“Hope responds to the aspiration of happiness, and each one of us is seeking that happiness, somewhere; within each one of us, God has placed that longing,” said Bishop Barry C. Knestout, addressing a crowd of more than 300 people who had gathered Saturday night, July 13, at St. Matthew, Virginia Beach, for the fifth annual Hope 4 Life banquet, an event benefiting the local nonprofit whose mission is to support women in crisis pregnancies. 

“If we can inspire that sense of hope in those who we encounter,” Bishop Knestout said, “we can overcome a lot, in terms of doubt, concern, worry, fear, despair. I believe that Hope 4 Life is an instrument of this theological virtue of hope — it’s an expression of it — because you are willing to share this hope with the women you encounter . . .  and they, too, are then encouraged to hope.” 

Bishop Barry C. Knestout visits with worshipers prior to celebrating Mass, Saturday, July 13, at St. Matthew, Virginia Beach. Following Mass, the bishop was the featured speaker at the fifth annual Hope 4 Life banquet. (Photo/Vy Barto)

Founded in 2014, Hope 4 Life offers a number of services to women in Hampton Roads. The organization operates a mobile pregnancy resource center, which is parked four days each week outside of one of the area’s three abortion clinics, and which provides free ultrasounds and one-on-one counseling. Volunteers distribute car seats, strollers, diapers and clothing and, in some situations, offer financial assistance to young women for rent, water bills and car repairs. It also refers women to Catholic Charities for adoption services and to other resource centers aiding families in need.

There was no fee to attend the banquet, featuring dinner and dessert, a wine bar and acoustic guitar music. Instead, guests were asked to make a donation at the end of the evening.

“The event is open to all,” board member Christine Martinez said. “The annual banquet is intended to spread the word to Catholics as well as non-Catholics; the pro-life message is for everyone.” 

Taking a leap of faith

The bishop noted that in the months following 9/11, then Secretary of Defense Donald Rumsfeld delineated three categories of risk: “known knowns”— risks that are fully anticipated, “known unknowns”— risks of which one is aware might arise and “unknown unknowns”— risks that one cannot at all foresee.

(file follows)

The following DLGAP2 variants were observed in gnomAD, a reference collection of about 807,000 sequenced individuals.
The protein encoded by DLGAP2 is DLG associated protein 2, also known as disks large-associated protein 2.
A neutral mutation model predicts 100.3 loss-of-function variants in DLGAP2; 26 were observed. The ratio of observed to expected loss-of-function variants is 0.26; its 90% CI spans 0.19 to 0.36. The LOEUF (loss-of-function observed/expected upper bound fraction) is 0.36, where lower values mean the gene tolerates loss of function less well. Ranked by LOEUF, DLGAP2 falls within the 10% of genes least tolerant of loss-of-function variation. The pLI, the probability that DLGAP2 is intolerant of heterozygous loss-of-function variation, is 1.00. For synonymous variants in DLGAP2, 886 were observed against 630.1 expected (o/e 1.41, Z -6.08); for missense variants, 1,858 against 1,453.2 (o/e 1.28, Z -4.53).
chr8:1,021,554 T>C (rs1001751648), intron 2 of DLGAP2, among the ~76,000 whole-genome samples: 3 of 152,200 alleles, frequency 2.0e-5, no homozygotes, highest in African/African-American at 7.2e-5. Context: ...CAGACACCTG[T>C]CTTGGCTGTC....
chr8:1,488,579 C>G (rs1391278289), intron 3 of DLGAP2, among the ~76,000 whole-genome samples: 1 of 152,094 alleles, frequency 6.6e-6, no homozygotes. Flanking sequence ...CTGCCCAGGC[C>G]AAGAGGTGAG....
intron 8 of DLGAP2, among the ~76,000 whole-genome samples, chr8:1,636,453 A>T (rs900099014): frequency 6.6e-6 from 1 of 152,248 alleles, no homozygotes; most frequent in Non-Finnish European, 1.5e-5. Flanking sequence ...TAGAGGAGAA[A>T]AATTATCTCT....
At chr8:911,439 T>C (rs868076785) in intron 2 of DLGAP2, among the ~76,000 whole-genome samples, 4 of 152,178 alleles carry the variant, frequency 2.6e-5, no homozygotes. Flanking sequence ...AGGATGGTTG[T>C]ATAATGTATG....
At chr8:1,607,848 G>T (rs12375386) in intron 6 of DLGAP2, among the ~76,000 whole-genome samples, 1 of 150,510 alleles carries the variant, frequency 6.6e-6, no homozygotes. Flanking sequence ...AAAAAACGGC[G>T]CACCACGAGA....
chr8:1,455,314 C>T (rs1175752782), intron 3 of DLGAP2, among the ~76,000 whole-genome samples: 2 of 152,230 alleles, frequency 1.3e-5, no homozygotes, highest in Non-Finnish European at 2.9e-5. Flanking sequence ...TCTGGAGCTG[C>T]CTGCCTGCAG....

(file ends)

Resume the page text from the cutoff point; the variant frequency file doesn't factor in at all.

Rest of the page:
“There is a fourth category that he sort of omitted, and that is the ‘unknown knowns,’” Bishop Knestout said. “The ‘unknown knowns’ are problems that we know are there, risks we know that are there, but that we deny, that we turn a blind eye toward. These are problems that we can see, but to deal with them is so complicated or painful or difficult that many refuse to deal with them. Many turn aside from them.” 

The volunteer who provides sidewalk counseling by not turning a blind eye toward the problem of abortion, he said, is taking a risk — a risk of being berated, dismissed or rejected. 

Yet, those who follow the path of Christ have a responsibility to take a degree of risk, to take a leap of faith, in offering hope and encouragement to those who they encounter. 

“We are all called to foster the fruits of the Spirit — patience, gentleness and kindness — in our own lives, and we are also called to bring those virtues to others,” Bishop Knestout said, “especially to those who are in the midst of crisis and who don’t see how any of those virtues make any sense at all to them at that time.” 

Hope is found in the willingness to embrace the uncertainty and the risks of life, in extending assistance and support to others, the bishop said, “and I believe that Hope 4 Life expresses that, and that each one of you is participating in that sacrificial love.” 

‘That changed everything’ 

During the banquet, Hope 4 Life co-director Cheri Britt recounted stories of the day-to-day operations of the mobile unit, telling the audience of the women who volunteers have met in their ministry, many of whom face financial and employment difficulties or feel as if they are trapped in unhealthy relationships. 

Britt said Hope 4 Life provided one woman with the funds to get her car repaired so that she could seek employment and gain a measure of independence from an unsupportive partner. 

Another woman told volunteers that she decided to keep her baby after being provided with an ultrasound at the mobile resource center. 

“She said that once she could see her baby, that changed everything,” Britt said. 

In the past year alone Hope 4 Life has outfitted 43 full nurseries for young mothers in need. 

Since its beginning, the group has encouraged hundreds of women to choose life for their children, Britt said, adding that the ministry has reached a milestone this summer.

 “We are so happy to report the we’ve reached 500 babies saved, as of June 26, 2019,” she announced amid applause from the audience. 

At the end of the evening, Britt shared a video made by mothers who had been helped over the years by Hope 4 Life, featuring a montage of young women standing along a busy street near one of the area’s clinics. 

“Thank you, Hope 4 Life. We love you guys,” one young woman said in the video. 

“Thank you, Hope 4 Life, for encouraging me,” added another. 

A young couple standing with their daughter in a stroller, smiled and chorused together, “We have a girl.” 

“We are happy to report that 90 percent of moms who get an ultrasound on the mobile unit choose life,” Britt said. “As we know, ultrasounds are the window to the womb. There is a lot of love and joy on the mobile.” 

By the end of the evening, the banquet had raised more than $40,000 in cash, $14,800 in pledges and $50,000 in matching funds from an anonymous donor. 

“We have been so blessed,” Martinez said.